Jessica Powell, the former Google vice president who wrote The Big Disruption and told you how to quit your job, is here to answer your common but tricky work questions. Check back every other week for more management advice with a tech inflection.
At my company, we do peer reviews as part of our performance rating and promotion process. A co-worker has asked me to give him a review. Am I actually supposed to be 100% honest in a peer review, or do I tell him the bad stuff privately? What if he’s up for promotion? I don’t want to keep him from being promoted, but I definitely have some constructive feedback I think he should hear.
The answer to this would surely be “100% honesty” if the workplace were truly a meritocracy and if people actually wanted to hear your opinions about them. But companies are rarely a meritocracy, and people generally don’t like criticism. In that case, the best guiding principle is probably to be honest but careful.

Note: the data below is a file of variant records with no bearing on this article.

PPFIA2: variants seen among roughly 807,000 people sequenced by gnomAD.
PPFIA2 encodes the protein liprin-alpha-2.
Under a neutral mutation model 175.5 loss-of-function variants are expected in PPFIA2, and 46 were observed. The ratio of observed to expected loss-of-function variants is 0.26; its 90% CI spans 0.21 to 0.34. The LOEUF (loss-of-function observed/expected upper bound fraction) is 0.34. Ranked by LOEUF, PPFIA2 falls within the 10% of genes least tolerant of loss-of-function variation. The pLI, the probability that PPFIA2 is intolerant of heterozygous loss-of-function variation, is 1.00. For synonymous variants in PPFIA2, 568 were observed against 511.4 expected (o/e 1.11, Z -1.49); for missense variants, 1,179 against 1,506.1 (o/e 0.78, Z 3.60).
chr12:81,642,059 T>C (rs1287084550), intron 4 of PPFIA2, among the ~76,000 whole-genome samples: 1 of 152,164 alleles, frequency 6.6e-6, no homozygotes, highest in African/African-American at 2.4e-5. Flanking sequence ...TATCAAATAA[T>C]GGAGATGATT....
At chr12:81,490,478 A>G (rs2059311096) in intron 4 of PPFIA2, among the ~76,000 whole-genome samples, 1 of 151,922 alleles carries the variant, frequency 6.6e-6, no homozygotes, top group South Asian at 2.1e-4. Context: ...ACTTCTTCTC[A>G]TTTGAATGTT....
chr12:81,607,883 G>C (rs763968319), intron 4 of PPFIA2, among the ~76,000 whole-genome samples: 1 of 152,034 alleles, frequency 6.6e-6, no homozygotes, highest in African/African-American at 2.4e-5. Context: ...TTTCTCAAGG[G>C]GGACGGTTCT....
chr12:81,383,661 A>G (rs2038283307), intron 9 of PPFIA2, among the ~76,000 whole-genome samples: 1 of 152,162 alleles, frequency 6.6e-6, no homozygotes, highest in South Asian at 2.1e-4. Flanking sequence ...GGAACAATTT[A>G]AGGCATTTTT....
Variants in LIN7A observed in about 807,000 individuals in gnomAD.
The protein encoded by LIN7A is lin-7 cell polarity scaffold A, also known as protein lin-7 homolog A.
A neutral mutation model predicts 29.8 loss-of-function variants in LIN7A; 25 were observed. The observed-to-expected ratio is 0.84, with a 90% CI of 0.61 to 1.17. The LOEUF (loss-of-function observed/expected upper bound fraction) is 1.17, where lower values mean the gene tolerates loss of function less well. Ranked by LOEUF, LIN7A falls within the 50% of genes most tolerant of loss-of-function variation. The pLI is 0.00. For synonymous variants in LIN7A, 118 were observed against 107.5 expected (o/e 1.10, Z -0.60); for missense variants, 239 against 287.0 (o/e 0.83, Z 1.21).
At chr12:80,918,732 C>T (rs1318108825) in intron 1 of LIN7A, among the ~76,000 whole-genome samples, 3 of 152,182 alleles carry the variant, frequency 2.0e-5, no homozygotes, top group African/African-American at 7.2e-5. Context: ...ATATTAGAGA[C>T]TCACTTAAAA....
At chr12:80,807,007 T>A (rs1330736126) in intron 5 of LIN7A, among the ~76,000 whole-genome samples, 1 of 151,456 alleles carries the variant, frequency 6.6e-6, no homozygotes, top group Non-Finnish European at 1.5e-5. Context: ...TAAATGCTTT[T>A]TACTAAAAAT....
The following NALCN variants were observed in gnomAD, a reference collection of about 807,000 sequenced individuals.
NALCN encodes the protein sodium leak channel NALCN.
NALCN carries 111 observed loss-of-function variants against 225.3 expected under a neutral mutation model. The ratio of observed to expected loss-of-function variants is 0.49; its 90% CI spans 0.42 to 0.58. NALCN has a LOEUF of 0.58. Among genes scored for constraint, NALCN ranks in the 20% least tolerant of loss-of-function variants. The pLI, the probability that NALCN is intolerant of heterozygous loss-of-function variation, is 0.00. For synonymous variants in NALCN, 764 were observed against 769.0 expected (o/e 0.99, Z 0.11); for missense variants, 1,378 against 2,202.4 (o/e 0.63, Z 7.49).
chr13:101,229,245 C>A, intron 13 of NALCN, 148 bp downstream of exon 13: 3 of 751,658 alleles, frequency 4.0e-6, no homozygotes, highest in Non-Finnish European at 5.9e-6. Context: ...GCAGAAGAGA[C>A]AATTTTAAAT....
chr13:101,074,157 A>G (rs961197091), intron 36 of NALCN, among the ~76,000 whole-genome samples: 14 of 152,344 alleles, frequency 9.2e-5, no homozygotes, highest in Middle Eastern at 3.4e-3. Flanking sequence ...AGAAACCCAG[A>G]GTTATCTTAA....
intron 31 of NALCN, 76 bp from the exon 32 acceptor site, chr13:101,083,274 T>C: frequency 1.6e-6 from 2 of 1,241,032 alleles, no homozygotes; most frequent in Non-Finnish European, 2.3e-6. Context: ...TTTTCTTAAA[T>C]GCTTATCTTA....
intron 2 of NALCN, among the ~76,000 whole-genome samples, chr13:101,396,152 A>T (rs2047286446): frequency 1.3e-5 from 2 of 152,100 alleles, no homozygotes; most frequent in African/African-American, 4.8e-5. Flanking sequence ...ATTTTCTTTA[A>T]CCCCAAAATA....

You say that your peer has asked you to write a review, so it sounds like your workplace work lets employees pick some or all of their peer reviewers. Most likely, this reviewer thinks you two are on good terms and is expecting that you will give him a positive review. (Rare is the employee who actively seeks critical reviews and feedback, though they do exist and should be praised for this behavior.)
In addition, this employee apparently knows he is up for promotion, and it sounds like you are supportive of his move to the next level. So, overall, you should plan to write a positive review.
The important thing to remember is that writing a positive review doesn’t mean writing a review devoid of critical feedback. At any point in our career, we have development areas — just think of your sociopathic CEO, who probably has at least 10 things they could work on.
Start by writing all your positive feedback. If you are supportive of this promotion, you have a lot of good and valuable things to write.
Now let’s tackle the hard stuff. Writing useful and honest critical feedback does not involve listing every fault of…